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Parent and child experience of skin conditions: relevance for the provision of mindfulness-based interventions

Hughes, Olivia, Shelton, Katherine H. ORCID:, Penny, Helen and Thompson, Andrew R. ORCID: 2023. Parent and child experience of skin conditions: relevance for the provision of mindfulness-based interventions. British Journal of Dermatology 188 (4) , pp. 514-523. 10.1093/bjd/ljac129

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Background Managing a skin condition can be difficult, and there is a lack of psychological support for children and their families. Objectives The objectives of this study were to identify issues surrounding caring for a child with a skin condition, investigate experiences of current psychological support to gain a sense of what is needed, and determine the relevance of offering mindfulness-based interventions for children and families. Design This study employed a mixed inductive and deductive form of qualitative inquiry to understand children and families experiences and needs. Methods Twenty-three participants (n = 12 parents/carers, n = 11 female, n = 1 male), (n = 11 children, n = 6 female, n = 5 male, aged 8-11 years) were recruited with an advert posted on social media. In-depth data was collected from semi-structured interviews. Interviews were recorded, transcribed, and analysed with a descriptive form of thematic analysis. Results Systematic analysis of the data led to five themes being developed: (1) Caregiver burden of childhood skin conditions; (2) Skin condition overshadowing childhood; (3) Battling for recognition and lack of support; (4) Naturalistic use and understanding of mindfulness in everyday coping: and (5) Openness and relevance of offering a mindfulness-based interventions. Conclusions Living with a skin condition was reported as being associated with mood disturbance, with impacts on schooling, sleep, and daily life. Parents and children expressed a desire for short/accessible interventions that could fit with daily routines and might provide the opportunity to connect with other families. The findings indicate that mindfulness-based interventions may be likely to be accepted, as many participants had experience of using mindful techniques in school, and described that they were naturalistically using ‘mindfulness’ to manage itch and stress. However, the findings indicate that a number of misconceptions exist about the fundamental nature and aims of mindfulness. Addressing misconceptions related to mindfulness need to be considered when planning both future studies and service delivery.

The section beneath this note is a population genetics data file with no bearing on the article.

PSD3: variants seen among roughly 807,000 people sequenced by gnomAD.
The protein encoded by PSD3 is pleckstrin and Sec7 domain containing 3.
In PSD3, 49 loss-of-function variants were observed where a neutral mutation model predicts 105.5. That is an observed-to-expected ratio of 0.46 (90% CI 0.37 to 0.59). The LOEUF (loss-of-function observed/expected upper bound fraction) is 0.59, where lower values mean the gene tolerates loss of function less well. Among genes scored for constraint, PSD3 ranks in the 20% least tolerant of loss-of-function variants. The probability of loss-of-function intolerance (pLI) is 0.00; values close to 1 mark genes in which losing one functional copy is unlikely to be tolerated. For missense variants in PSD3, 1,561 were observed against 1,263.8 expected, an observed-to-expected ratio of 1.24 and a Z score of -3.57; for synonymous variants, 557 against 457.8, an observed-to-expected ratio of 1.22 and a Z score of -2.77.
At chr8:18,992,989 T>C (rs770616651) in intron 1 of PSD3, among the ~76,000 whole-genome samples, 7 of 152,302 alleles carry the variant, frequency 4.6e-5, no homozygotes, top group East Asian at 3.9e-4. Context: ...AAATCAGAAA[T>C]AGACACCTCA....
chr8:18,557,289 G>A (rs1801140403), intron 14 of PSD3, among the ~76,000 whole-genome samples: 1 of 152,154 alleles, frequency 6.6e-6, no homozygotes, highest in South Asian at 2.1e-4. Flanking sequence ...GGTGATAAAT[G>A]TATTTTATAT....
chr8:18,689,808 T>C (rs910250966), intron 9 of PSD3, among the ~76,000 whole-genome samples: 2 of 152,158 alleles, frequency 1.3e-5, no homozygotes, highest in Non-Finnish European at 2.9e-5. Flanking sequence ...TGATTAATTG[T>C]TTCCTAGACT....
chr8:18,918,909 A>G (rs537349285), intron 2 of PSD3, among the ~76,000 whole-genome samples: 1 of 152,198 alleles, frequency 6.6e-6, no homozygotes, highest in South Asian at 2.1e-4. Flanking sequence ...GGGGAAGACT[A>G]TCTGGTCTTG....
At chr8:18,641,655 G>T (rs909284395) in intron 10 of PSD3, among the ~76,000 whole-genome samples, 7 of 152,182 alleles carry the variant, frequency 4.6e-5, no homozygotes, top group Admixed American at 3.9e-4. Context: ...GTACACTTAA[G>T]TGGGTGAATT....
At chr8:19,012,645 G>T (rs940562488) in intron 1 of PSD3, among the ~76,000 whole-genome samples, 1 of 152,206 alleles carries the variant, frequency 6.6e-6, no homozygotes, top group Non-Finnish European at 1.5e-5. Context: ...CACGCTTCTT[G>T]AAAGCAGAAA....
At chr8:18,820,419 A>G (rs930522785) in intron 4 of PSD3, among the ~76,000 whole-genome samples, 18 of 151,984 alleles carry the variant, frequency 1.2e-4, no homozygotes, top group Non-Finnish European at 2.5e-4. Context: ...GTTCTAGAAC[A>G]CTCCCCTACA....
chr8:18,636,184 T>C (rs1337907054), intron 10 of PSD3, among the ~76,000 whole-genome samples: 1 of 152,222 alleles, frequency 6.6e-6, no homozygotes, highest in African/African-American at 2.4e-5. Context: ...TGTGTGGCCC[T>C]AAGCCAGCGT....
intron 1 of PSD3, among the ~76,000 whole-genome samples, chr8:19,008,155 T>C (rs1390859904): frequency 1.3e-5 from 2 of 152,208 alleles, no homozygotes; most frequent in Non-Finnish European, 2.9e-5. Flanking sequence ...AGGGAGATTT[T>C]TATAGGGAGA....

Item Type: Article
Date Type: Publication
Status: Published
Schools: Psychology
Publisher: Wiley-Blackwell
ISSN: 0007-0963
Date of First Compliant Deposit: 13 December 2022
Date of Acceptance: 10 December 2022
Last Modified: 08 May 2023 07:59

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